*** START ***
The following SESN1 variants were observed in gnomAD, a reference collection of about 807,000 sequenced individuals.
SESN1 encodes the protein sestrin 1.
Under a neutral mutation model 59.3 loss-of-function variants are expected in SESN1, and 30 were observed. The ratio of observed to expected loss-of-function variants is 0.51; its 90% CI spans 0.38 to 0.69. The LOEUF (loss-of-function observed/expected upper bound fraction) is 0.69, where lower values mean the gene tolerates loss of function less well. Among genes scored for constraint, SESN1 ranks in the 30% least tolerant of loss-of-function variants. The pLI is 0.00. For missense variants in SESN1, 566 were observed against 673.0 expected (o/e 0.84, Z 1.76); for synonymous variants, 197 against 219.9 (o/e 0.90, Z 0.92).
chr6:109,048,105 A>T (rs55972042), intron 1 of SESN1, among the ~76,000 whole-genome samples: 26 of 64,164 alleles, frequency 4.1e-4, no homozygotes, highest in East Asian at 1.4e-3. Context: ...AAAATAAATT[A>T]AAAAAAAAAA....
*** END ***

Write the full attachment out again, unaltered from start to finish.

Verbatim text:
The following SESN1 variants were observed in gnomAD, a reference collection of about 807,000 sequenced individuals.
SESN1 encodes the protein sestrin 1.
Under a neutral mutation model 59.3 loss-of-function variants are expected in SESN1, and 30 were observed. The ratio of observed to expected loss-of-function variants is 0.51; its 90% CI spans 0.38 to 0.69. The LOEUF (loss-of-function observed/expected upper bound fraction) is 0.69, where lower values mean the gene tolerates loss of function less well. Among genes scored for constraint, SESN1 ranks in the 30% least tolerant of loss-of-function variants. The pLI is 0.00. For missense variants in SESN1, 566 were observed against 673.0 expected (o/e 0.84, Z 1.76); for synonymous variants, 197 against 219.9 (o/e 0.90, Z 0.92).
chr6:109,048,105 A>T (rs55972042), intron 1 of SESN1, among the ~76,000 whole-genome samples: 26 of 64,164 alleles, frequency 4.1e-4, no homozygotes, highest in East Asian at 1.4e-3. Context: ...AAAATAAATT[A>T]AAAAAAAAAA....